If what you are really concerned about is the effect on the way characters are played, then I have to say it is even less, and as time goes by, the camera is mostly forgotten and they just play their game. This is true for all the live RPGs I’ve ever watched. The Critical Role cast is a very talented group, and they do it very well. They also had the added benefit of established characters coming into the live stream. The cast of Aquisitions Incorporated plays toward the audience more, but I have also seen them tell the audience to shut-it! The new AI C-Team is very ‘chat’ participatory (Jerry Holkins actually lets them make narrative choices and refers to them as the Shadow Council). These Camera Effects are bonuses in my opinion. They don’t take anything away from the enjoyment, they add to it. The premise that the Camera Effect is in some way ‘bad’ or ‘negative’ is another ‘your fun is wrong’ statement that should not be applied to a Live View RPG event. Again, it is not the same as playing yourself, and it should not have to be.
- DM Scotty would never make a basic mistake.
Oh come on dude! If you are as great/seasoned as you claim, then you should know that: A) No one knows all the rules, and B) The rules are made up, so changing them is OK, too. It’s right there in the DM guide… go lawyer it… I mean, look it up.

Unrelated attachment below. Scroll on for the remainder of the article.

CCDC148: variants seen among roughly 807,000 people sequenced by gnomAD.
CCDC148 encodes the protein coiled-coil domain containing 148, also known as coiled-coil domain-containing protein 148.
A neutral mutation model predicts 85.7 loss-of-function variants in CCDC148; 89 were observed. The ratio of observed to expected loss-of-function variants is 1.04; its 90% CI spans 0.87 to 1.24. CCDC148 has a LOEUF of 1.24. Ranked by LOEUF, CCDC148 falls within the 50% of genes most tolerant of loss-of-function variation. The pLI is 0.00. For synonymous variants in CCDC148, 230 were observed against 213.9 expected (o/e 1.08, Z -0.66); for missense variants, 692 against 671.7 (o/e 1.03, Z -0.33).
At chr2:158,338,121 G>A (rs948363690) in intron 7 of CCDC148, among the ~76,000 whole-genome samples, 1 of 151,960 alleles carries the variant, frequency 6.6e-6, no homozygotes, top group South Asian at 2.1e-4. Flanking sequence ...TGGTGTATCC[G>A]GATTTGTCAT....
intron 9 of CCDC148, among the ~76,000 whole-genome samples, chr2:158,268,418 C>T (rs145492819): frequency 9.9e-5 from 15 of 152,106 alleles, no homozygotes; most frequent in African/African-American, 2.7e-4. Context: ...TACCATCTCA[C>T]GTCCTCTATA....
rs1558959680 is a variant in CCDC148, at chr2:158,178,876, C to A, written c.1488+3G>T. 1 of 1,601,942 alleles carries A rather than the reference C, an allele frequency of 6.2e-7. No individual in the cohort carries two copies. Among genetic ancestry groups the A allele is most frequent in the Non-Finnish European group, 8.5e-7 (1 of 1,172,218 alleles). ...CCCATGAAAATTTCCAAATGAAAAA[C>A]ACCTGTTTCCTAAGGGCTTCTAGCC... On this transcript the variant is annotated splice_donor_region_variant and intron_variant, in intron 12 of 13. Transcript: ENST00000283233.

- I’m the Best DM
Who are you again? Other than this video someone posted because you pissed them off, I’ve never heard of you before now.
- Danger of Critical Role – Unreasonable Expectations
Yes, Scotty, we Critters understand that these are professional voice actors we are watching. No, they did not start out with the best equipment. It got better because the fans supported the show because they were just that good.
It is not edited, other than for rebroadcast. And why would you worry about someone watching the show being discouraged from playing because they can’t produce a twitch video? Didn’t you just say that the point of the game (paraphrase of your words) was to become a character, not show off for an audience? Your fears seem more to me like justifications for you dislike of something that is becoming more successful than you THINK you are. Again, who are you?
Also, you obviously don’t know squat about the Critter Community that’s sprung up around this show, or even Matt Mercer’s GM Tips. For those attempting to become GMs BECAUSE OF CRITICAL ROLE (tons of new face…BTW), the fact that they will not be close to flawless (aka, Mercer Level), and will have to work at it, is something that is known. And yes, they understand that playing does not require the use of many voices for characters, PC or NPC. We’re not as stupid as you must think. #WeKnow